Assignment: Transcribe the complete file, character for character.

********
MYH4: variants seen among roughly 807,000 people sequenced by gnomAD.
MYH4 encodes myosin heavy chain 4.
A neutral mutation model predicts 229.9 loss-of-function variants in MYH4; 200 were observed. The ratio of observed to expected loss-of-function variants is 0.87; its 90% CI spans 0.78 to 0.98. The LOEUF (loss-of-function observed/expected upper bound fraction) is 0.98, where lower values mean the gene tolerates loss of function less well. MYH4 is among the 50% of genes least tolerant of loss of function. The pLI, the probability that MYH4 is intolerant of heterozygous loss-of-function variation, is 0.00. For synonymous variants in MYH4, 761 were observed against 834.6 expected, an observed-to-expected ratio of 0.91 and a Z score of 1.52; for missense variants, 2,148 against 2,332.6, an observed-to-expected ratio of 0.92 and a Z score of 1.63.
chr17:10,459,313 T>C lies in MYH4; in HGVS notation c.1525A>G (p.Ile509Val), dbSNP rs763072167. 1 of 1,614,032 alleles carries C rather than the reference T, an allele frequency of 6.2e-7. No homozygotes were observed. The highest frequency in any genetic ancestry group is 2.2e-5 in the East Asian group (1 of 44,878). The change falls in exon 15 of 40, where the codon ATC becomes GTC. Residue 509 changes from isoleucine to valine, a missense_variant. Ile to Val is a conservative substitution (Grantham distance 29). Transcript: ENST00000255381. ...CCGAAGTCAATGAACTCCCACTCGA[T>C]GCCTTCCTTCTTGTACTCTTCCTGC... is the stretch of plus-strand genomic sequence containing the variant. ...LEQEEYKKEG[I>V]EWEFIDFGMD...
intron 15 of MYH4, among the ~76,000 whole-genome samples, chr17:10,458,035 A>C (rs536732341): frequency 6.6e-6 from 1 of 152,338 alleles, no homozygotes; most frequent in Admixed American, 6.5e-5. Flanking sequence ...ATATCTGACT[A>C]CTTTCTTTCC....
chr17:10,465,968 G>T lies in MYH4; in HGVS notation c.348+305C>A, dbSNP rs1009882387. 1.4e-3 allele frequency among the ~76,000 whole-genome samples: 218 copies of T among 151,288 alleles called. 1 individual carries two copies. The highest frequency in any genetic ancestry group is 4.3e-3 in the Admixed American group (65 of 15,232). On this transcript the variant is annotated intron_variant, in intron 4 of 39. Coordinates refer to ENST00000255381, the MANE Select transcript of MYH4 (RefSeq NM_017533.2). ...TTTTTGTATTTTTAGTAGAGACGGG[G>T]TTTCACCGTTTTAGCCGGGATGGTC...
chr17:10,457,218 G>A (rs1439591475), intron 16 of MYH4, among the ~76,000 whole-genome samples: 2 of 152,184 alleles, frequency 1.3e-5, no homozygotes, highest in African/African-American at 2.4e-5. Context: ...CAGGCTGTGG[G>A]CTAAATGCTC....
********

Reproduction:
MYH4: variants seen among roughly 807,000 people sequenced by gnomAD.
MYH4 encodes myosin heavy chain 4.
A neutral mutation model predicts 229.9 loss-of-function variants in MYH4; 200 were observed. The ratio of observed to expected loss-of-function variants is 0.87; its 90% CI spans 0.78 to 0.98. The LOEUF (loss-of-function observed/expected upper bound fraction) is 0.98, where lower values mean the gene tolerates loss of function less well. MYH4 is among the 50% of genes least tolerant of loss of function. The pLI, the probability that MYH4 is intolerant of heterozygous loss-of-function variation, is 0.00. For synonymous variants in MYH4, 761 were observed against 834.6 expected, an observed-to-expected ratio of 0.91 and a Z score of 1.52; for missense variants, 2,148 against 2,332.6, an observed-to-expected ratio of 0.92 and a Z score of 1.63.
chr17:10,459,313 T>C lies in MYH4; in HGVS notation c.1525A>G (p.Ile509Val), dbSNP rs763072167. 1 of 1,614,032 alleles carries C rather than the reference T, an allele frequency of 6.2e-7. No homozygotes were observed. The highest frequency in any genetic ancestry group is 2.2e-5 in the East Asian group (1 of 44,878). The change falls in exon 15 of 40, where the codon ATC becomes GTC. Residue 509 changes from isoleucine to valine, a missense_variant. Ile to Val is a conservative substitution (Grantham distance 29). Transcript: ENST00000255381. ...CCGAAGTCAATGAACTCCCACTCGA[T>C]GCCTTCCTTCTTGTACTCTTCCTGC... is the stretch of plus-strand genomic sequence containing the variant. ...LEQEEYKKEG[I>V]EWEFIDFGMD...
intron 15 of MYH4, among the ~76,000 whole-genome samples, chr17:10,458,035 A>C (rs536732341): frequency 6.6e-6 from 1 of 152,338 alleles, no homozygotes; most frequent in Admixed American, 6.5e-5. Flanking sequence ...ATATCTGACT[A>C]CTTTCTTTCC....
chr17:10,465,968 G>T lies in MYH4; in HGVS notation c.348+305C>A, dbSNP rs1009882387. 1.4e-3 allele frequency among the ~76,000 whole-genome samples: 218 copies of T among 151,288 alleles called. 1 individual carries two copies. The highest frequency in any genetic ancestry group is 4.3e-3 in the Admixed American group (65 of 15,232). On this transcript the variant is annotated intron_variant, in intron 4 of 39. Coordinates refer to ENST00000255381, the MANE Select transcript of MYH4 (RefSeq NM_017533.2). ...TTTTTGTATTTTTAGTAGAGACGGG[G>T]TTTCACCGTTTTAGCCGGGATGGTC...
chr17:10,457,218 G>A (rs1439591475), intron 16 of MYH4, among the ~76,000 whole-genome samples: 2 of 152,184 alleles, frequency 1.3e-5, no homozygotes, highest in African/African-American at 2.4e-5. Context: ...CAGGCTGTGG[G>A]CTAAATGCTC....